In another recent article that was much debated and often criticised, Fortune’s Cate Murphy blew the fantasy of India as a superpower. This is what Cate had to say:
India is not a superpower, and in fact, that is probably the wrong ambition for it, anyway. Why? Let me answer in the form of some statistics.
* 47 percent of Indian children under the age of five are either malnourished or stunted.
* The adult literacy rate is 61 percent (behind Rwanda and barely ahead of Sudan). Even this is probably overstated, as people are deemed literate who can do little more than sign their name.
* Only 10 percent of the entire Indian labor force works in the formal economy; of these fewer than half are in the private sector.
* The enrollment of six-to-15-year-olds in school has actually declined in the last year. About 40 million children who are supposed to be in school are not.
* About a fifth of the population is chronically hungry; about half of the world’s hungry live in India.
* More than a quarter of the India population lives on less than a dollar a day.
* India has more people with HIV than any other country.
(Sources: UNDP, Unicef, World Food Program; Edward Luce)
The problem with India’s self-proclaimed (and wildly premature) declaration of superpower status is that it reflects a complacency about both its present – which for many people is dire – and its future. Eight percent growth for four years is wonderful, but as the saying goes, past performance is no guarantee of future results. And India is not doing what it needs to in order to sustain this momentum.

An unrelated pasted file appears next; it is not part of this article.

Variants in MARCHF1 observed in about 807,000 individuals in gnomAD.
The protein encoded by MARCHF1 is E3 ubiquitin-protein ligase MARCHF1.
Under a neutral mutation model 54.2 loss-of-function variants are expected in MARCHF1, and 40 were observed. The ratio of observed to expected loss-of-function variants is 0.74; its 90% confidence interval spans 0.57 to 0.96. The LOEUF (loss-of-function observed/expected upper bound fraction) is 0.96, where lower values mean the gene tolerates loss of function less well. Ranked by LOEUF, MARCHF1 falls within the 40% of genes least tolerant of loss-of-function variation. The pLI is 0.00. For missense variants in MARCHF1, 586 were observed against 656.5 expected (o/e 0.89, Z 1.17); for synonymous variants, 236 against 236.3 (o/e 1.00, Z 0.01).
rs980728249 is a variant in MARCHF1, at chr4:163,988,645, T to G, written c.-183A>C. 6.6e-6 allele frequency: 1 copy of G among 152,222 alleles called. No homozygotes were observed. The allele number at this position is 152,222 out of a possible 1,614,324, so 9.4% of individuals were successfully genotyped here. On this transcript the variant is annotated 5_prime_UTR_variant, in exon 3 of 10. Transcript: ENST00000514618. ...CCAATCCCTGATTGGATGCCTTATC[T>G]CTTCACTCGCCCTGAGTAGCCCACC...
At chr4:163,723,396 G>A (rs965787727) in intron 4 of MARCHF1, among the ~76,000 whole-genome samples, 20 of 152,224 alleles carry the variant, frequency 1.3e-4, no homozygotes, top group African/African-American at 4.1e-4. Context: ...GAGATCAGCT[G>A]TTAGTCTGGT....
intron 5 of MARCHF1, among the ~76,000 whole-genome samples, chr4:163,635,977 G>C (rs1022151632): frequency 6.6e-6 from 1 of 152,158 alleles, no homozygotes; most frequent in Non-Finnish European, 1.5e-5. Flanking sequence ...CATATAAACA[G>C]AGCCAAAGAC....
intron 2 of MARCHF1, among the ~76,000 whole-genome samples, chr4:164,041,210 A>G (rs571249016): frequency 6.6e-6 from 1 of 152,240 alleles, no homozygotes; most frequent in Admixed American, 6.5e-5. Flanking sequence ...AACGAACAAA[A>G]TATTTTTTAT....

Consider the postwar history of East and Southeast Asia. The comparison is appropriate because India started at about the same point, and has watched just about every country in the region get ahead of it on the economic curve. All these places developed by being relatively open to trade; by investing in primary and secondary education; and by building pretty decent infrastructure (not only roads and ports, but health clinics and water supplies). India has begun to embrace one leg of this triangle – freer trade.
Even here, though, many of the worst features of the swadeshi (“self-reliance”) era remain intact, including an unreformed state banking sector; labor regulations that actively discourage hiring; abstruse land laws (and consequent lack of land titles); misshapen subsidies that hurt the poor; and corruption that is broad, deep and ubiquitous. Nothing useful is being done about any of this.
As for the other two legs of this development triangle – education and infrastructure – these are still badly broken. About a third of teachers fail to show up on any given day (and, of course, are unsackable); the supply of both water and power is expensive and unreliable.
Cate’s summary captures the challenge ahead of us in India: Hubris, of course, is the stuff of politics everywhere. But the future will not belong to India unless it takes action to embrace it, and that means more than high-profile vanity projects like putting a man on the moon or building the worlds tallest tower. It means showing that the world’s largest democracy can deliver real progress to the hundreds of millions who have never used the phone, much less the Internet. And in important ways, that just isn’t happening.
Tomorrow: Atanu Dey